Status Update

It’s been over a month - what’s going on?

M. Edward (Ed) Borasky


The Jetson developer kits do not have all have on-board audio capture or playback hardware. However, they all have HDMI and USB ports. See (NVIDIA 2021a) for the details.

As a result, to actually hear a sound from a Jetson-based synthesizer, one needs either an HDMI audio extractor or a USB digital-analog converter (DAC). The HDMI ones are commonly used in home theater setups. I don’t have a home theater setup, so I can’t comment on these.

The USB ones range in price from less than $20US for a dongle with a headphone and microphone jack to studio-grade devices costing hundreds of dollars. Note that for both the HDMI and USB devices, the Jetsons support up to eight channels of 24-bit samples at a 192 kilohertz sampling rate (NVIDIA 2021b), (NVIDIA 2021c).

I went with a “prosumer” USB DAC from Amazon that will handle up to 24-bit samples at 192 kilohertz. It’s probably overkill for a synth, but I have a fair number of HiRes FLAC classical music files, so it will get used.

Software architecture

For a variety of reasons I am going with a “pet container” (Riek 2016a), (Riek 2016b), (Riek 2016c) architecture. IF you’ve been following the project on GitHub, you’ll see what I’ve been building.

However, about a week ago I realized I was duplicating large chunks of my other Jetson pet container project, edgyR. So rather than build a whole new pet container gizmo, I’m refactoring the code into a set of installers for the edgyR container. This will provide both JupyterLab and RStudio Server access to the analysis and synthesis engines.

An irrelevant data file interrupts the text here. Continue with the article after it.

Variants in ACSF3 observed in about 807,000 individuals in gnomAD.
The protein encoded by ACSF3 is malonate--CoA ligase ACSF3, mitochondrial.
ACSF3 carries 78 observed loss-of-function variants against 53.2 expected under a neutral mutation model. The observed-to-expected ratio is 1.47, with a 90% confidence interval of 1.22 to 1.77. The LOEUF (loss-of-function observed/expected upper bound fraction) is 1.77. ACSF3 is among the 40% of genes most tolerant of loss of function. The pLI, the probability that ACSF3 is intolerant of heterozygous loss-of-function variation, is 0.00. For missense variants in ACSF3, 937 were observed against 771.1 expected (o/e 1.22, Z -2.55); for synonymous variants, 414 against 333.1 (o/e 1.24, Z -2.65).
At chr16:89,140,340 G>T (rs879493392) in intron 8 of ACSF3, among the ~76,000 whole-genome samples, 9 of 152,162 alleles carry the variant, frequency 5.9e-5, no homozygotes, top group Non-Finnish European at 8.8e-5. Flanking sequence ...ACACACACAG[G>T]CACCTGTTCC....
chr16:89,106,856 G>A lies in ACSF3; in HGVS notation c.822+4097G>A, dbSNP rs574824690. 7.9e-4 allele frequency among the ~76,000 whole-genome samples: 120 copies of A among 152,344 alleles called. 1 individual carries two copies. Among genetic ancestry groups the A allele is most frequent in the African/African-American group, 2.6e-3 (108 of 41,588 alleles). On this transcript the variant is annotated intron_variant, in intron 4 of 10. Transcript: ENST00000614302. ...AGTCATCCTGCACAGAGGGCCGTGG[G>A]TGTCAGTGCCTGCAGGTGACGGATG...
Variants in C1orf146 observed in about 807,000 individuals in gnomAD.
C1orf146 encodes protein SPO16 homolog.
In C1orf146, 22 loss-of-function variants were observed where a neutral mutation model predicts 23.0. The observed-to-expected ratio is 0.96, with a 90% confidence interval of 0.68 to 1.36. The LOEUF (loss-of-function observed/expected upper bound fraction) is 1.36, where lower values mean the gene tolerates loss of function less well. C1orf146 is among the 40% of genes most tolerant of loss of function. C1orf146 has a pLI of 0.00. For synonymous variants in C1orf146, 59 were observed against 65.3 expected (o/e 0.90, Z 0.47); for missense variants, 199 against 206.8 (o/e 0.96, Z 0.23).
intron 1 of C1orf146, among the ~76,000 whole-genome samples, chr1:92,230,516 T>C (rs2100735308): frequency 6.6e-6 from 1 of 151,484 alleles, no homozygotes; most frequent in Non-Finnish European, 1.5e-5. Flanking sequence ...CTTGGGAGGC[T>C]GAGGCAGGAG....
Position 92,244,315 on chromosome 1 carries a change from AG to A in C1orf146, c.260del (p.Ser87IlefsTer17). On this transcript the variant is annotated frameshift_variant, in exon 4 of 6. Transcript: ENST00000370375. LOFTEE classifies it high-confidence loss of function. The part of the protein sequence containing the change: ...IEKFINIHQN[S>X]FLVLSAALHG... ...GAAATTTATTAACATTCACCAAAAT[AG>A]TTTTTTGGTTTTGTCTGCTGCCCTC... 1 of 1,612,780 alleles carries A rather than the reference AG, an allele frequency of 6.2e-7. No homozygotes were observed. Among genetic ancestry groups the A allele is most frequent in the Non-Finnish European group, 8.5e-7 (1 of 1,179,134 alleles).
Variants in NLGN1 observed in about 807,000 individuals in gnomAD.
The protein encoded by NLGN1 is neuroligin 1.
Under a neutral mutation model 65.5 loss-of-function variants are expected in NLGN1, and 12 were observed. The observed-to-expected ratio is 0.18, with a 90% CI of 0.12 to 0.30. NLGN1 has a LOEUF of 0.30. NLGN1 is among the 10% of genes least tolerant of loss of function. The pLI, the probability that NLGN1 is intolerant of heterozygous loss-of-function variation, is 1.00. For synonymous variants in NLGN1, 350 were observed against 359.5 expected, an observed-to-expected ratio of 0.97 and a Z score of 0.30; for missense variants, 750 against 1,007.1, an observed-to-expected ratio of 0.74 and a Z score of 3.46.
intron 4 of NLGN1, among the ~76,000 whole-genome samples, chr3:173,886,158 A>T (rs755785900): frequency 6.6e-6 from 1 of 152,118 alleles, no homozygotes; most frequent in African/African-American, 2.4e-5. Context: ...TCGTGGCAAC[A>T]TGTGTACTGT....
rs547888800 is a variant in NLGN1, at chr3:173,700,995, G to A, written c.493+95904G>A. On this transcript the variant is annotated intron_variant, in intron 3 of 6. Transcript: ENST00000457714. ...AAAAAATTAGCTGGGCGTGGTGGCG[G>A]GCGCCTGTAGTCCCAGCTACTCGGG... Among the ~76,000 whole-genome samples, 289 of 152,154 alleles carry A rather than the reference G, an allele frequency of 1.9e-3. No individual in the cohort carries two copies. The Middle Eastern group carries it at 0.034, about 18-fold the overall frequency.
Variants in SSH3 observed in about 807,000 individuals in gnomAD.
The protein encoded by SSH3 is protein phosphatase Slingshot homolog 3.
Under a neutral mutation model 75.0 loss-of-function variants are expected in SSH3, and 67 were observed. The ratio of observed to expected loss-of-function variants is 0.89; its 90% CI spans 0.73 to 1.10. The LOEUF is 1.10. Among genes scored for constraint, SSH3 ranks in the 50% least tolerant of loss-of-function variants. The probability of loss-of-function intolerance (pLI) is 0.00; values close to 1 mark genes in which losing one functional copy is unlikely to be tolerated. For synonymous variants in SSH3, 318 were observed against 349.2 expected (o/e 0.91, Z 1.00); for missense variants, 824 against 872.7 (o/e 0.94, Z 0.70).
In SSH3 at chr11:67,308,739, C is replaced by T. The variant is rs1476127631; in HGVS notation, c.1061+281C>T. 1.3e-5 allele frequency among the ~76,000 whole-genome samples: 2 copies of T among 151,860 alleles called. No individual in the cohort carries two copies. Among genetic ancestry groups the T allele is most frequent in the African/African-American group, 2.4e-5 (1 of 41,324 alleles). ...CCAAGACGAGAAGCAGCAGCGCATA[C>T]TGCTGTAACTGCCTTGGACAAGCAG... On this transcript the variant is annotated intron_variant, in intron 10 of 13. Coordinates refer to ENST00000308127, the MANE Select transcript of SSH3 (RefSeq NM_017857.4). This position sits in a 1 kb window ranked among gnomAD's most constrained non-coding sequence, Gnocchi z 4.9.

Analysis / synthesis components

As of this writing, the supported packages are

The R library packages described in Sueur (2018) are also available. Of these, only cuSignal and CSound have code to use the GPU.

Livecoding support

In the process of research for this project, I re-discovered that there is a community of people who make music by coding it live. There were even algoraves before the pandemic.

I’ve known about ChucK for a number of years, but there are some other projects I discovered, as well as some organizations:

TidalCycles currently installs without incident and will probably be in the initial release. Sonic Pi has an Erlang dependency and I had some problems getting clean builds, so it won’t be on the initial release.

Orca is a fascinating tool - it’s a cross between Conway’s “Game of Life” and Pure Data aka Pd. Speaking of Pd, it does build, and if I can find a way to access it via a browser it will be on the initial release.

An x86_64 version?

For those of you lucky enough to have a Windows 10 machine with an NVIDIA GPU and adventurous enough to run the Windows Insider preview builds, Linux GUI app support with audio is now available. See The Initial Preview of GUI app support is now available for the Windows Subsystem for Linux and for the details.

I am both blessed with such a machine and adventurous enough, and will most likely be “porting” the edgyR image to WSL 2. This is a lot less work than the Jetson version; upstream binary packages are available for just about all the components that aren’t already in Ubuntu 18.04 LTS. I guess it still counts as “edgy” since it’s using an insider build of Windows.

NVIDIA. 2021a. “ASoC Driver for Jetson Products.”
———. 2021b. “High Definition Audio.”
———. 2021c. “USB Audio.”
Riek, Daniel. 2016a. “In Defense of the Pet Container, Part 1: Prelude - the Only Constant Is Complexity.”
———. 2016b. “In Defense of the Pet Container, Part 2: Wrappers, Aggregates and Models... Oh My!”
———. 2016c. “In Defense of the Pet Container, Part 3: Puppies, Kittens and... Containers.”
Sueur, J. 2018. Sound Analysis and Synthesis with r. Use r! Springer International Publishing.



For attribution, please cite this work as

Borasky (2021, April 22). AlgoCompSynth by znmeb: Status Update. Retrieved from

BibTeX citation

  author = {Borasky, M. Edward (Ed)},
  title = {AlgoCompSynth by znmeb: Status Update},
  url = {},
  year = {2021}